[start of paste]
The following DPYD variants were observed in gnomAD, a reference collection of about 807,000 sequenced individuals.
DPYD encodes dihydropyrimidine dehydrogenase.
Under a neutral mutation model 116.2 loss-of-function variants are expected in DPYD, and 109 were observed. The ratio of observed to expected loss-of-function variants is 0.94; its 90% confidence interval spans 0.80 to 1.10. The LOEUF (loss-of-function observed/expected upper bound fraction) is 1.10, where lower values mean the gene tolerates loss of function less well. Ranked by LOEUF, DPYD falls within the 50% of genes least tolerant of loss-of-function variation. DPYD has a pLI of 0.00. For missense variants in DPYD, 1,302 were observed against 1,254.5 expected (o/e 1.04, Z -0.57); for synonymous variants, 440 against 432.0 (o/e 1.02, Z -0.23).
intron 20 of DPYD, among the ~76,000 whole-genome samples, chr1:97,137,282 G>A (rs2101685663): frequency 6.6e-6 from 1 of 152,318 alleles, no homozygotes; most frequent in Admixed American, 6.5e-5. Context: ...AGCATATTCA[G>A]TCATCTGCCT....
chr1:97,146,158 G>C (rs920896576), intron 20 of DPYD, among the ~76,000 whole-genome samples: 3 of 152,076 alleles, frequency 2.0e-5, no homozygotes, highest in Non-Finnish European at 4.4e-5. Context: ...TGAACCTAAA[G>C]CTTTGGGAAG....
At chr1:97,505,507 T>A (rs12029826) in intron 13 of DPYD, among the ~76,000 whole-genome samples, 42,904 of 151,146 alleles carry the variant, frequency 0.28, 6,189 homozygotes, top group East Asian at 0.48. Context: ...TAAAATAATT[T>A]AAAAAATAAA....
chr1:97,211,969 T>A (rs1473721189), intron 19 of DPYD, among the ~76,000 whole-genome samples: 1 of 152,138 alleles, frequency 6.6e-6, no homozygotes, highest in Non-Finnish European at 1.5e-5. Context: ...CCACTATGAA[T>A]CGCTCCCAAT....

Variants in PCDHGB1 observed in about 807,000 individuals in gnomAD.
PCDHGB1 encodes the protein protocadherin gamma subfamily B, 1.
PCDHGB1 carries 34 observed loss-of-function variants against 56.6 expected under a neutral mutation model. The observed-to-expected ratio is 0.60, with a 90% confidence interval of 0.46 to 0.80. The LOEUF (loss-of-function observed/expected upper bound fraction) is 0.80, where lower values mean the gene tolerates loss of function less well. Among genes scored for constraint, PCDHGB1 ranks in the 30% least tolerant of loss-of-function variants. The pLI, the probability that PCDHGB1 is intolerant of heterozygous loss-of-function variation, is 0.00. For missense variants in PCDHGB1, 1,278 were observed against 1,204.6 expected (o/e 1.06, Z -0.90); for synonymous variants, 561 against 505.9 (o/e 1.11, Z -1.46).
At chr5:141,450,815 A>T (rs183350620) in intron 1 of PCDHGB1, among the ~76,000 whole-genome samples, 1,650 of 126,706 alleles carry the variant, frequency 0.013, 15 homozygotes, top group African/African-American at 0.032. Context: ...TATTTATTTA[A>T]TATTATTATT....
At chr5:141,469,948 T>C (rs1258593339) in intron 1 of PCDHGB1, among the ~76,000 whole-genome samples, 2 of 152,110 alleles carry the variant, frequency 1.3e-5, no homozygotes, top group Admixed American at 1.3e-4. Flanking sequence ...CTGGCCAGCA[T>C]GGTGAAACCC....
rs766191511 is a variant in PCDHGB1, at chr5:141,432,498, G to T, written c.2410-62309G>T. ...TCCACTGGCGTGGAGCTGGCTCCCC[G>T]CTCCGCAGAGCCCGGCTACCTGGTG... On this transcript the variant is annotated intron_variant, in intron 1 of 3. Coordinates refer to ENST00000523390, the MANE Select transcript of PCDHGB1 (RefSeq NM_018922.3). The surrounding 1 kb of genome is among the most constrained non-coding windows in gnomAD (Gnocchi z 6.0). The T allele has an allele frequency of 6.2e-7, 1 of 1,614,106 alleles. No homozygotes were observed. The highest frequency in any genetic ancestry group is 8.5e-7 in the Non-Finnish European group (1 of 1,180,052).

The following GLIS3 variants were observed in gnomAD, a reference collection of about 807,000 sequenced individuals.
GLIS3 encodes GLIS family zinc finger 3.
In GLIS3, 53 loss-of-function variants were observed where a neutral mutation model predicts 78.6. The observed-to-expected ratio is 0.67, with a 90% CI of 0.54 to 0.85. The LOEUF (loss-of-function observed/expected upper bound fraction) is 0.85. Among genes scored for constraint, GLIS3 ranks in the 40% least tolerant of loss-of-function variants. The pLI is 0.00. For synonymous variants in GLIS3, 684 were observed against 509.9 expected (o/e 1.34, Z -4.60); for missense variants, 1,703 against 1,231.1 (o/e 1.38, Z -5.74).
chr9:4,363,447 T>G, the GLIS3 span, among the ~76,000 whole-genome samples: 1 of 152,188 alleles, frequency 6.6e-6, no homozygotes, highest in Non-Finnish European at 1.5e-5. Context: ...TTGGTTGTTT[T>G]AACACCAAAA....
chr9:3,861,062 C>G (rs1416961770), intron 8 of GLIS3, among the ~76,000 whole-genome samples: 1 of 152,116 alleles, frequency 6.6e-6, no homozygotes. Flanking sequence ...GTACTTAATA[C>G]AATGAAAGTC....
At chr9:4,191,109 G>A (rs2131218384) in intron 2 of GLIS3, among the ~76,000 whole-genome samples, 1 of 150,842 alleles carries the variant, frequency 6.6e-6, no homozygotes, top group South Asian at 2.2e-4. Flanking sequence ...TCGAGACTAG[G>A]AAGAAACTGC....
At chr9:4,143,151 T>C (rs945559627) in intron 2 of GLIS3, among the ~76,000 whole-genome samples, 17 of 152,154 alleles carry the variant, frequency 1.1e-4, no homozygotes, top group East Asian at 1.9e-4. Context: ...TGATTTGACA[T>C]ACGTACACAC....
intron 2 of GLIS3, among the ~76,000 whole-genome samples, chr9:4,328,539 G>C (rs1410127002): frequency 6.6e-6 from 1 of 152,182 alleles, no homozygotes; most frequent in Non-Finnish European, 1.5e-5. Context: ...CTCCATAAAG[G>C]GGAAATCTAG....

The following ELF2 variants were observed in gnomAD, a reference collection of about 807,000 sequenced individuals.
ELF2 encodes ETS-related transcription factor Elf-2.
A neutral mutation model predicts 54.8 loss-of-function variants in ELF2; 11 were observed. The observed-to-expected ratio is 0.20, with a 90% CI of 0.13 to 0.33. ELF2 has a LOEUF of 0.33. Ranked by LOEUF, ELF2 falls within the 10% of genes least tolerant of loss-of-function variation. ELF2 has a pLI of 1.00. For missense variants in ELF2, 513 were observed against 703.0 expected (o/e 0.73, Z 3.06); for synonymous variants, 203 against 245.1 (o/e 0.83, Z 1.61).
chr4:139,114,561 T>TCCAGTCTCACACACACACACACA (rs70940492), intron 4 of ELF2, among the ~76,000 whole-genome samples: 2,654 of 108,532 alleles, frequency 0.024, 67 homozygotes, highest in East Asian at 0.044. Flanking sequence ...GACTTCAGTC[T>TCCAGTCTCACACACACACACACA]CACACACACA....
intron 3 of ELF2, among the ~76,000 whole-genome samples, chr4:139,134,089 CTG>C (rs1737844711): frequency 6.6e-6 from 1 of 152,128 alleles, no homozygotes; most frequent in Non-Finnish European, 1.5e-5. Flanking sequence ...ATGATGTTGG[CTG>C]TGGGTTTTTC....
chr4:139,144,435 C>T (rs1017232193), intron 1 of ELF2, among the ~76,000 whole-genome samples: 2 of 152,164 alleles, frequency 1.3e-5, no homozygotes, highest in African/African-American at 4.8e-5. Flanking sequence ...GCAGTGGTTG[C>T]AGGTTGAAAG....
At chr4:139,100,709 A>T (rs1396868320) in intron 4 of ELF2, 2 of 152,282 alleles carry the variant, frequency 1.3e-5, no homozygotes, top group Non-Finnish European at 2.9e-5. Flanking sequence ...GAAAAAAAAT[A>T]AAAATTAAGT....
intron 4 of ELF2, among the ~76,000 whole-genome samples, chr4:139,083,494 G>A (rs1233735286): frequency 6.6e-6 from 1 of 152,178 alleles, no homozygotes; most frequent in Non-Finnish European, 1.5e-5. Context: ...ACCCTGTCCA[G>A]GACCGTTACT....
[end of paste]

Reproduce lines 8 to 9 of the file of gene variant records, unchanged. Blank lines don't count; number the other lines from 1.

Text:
Variants in PCDHGB1 observed in about 807,000 individuals in gnomAD.
PCDHGB1 encodes the protein protocadherin gamma subfamily B, 1.